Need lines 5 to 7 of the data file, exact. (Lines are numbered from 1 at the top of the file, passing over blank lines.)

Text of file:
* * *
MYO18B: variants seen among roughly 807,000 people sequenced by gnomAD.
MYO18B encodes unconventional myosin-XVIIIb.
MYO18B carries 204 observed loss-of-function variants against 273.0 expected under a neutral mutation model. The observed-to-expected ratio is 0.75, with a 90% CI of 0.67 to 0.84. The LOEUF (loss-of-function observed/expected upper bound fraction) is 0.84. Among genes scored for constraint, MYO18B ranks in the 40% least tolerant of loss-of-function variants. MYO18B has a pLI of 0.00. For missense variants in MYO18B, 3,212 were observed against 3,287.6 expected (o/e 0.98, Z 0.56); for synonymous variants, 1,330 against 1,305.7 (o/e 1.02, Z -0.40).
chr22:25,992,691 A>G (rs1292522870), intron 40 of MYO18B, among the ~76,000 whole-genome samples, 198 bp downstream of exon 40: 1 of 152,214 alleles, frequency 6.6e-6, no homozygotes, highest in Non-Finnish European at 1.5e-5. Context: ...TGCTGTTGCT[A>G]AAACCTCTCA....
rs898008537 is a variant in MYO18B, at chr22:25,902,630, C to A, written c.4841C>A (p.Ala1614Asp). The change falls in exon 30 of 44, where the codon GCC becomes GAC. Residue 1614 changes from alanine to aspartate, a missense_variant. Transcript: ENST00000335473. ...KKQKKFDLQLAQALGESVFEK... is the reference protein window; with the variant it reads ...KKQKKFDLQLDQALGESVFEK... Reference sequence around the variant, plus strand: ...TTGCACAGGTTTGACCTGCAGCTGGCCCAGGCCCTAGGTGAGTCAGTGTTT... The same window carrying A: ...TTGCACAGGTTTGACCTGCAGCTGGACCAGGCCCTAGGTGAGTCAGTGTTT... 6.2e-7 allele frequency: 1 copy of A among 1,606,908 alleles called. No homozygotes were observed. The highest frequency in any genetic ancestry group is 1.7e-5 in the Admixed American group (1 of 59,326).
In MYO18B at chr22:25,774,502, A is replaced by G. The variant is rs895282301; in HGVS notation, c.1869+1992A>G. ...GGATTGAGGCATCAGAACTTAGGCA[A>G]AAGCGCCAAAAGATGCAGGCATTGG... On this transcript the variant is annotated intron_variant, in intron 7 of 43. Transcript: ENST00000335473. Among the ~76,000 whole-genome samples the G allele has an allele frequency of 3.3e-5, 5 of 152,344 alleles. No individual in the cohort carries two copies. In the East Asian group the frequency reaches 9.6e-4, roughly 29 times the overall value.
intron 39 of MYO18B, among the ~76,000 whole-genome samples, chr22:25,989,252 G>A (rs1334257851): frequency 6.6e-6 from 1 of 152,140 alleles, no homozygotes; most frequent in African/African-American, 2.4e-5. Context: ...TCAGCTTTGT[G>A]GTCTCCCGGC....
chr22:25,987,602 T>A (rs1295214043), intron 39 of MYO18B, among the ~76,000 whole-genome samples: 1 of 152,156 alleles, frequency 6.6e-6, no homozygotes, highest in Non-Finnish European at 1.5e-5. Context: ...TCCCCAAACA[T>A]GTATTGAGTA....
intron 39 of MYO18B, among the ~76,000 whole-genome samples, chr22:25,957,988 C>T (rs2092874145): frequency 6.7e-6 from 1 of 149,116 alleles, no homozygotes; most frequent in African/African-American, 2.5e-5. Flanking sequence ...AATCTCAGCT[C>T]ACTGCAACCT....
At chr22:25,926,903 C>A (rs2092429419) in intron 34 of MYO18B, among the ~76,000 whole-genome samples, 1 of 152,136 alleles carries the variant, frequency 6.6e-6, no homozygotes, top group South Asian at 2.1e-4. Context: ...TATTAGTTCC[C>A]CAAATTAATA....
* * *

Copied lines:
rs898008537 is a variant in MYO18B, at chr22:25,902,630, C to A, written c.4841C>A (p.Ala1614Asp). The change falls in exon 30 of 44, where the codon GCC becomes GAC. Residue 1614 changes from alanine to aspartate, a missense_variant. Transcript: ENST00000335473. ...KKQKKFDLQLAQALGESVFEK... is the reference protein window; with the variant it reads ...KKQKKFDLQLDQALGESVFEK... Reference sequence around the variant, plus strand: ...TTGCACAGGTTTGACCTGCAGCTGGCCCAGGCCCTAGGTGAGTCAGTGTTT... The same window carrying A: ...TTGCACAGGTTTGACCTGCAGCTGGACCAGGCCCTAGGTGAGTCAGTGTTT... 6.2e-7 allele frequency: 1 copy of A among 1,606,908 alleles called. No homozygotes were observed. The highest frequency in any genetic ancestry group is 1.7e-5 in the Admixed American group (1 of 59,326).
In MYO18B at chr22:25,774,502, A is replaced by G. The variant is rs895282301; in HGVS notation, c.1869+1992A>G. ...GGATTGAGGCATCAGAACTTAGGCA[A>G]AAGCGCCAAAAGATGCAGGCATTGG... On this transcript the variant is annotated intron_variant, in intron 7 of 43. Transcript: ENST00000335473. Among the ~76,000 whole-genome samples the G allele has an allele frequency of 3.3e-5, 5 of 152,344 alleles. No individual in the cohort carries two copies. In the East Asian group the frequency reaches 9.6e-4, roughly 29 times the overall value.
intron 39 of MYO18B, among the ~76,000 whole-genome samples, chr22:25,989,252 G>A (rs1334257851): frequency 6.6e-6 from 1 of 152,140 alleles, no homozygotes; most frequent in African/African-American, 2.4e-5. Context: ...TCAGCTTTGT[G>A]GTCTCCCGGC....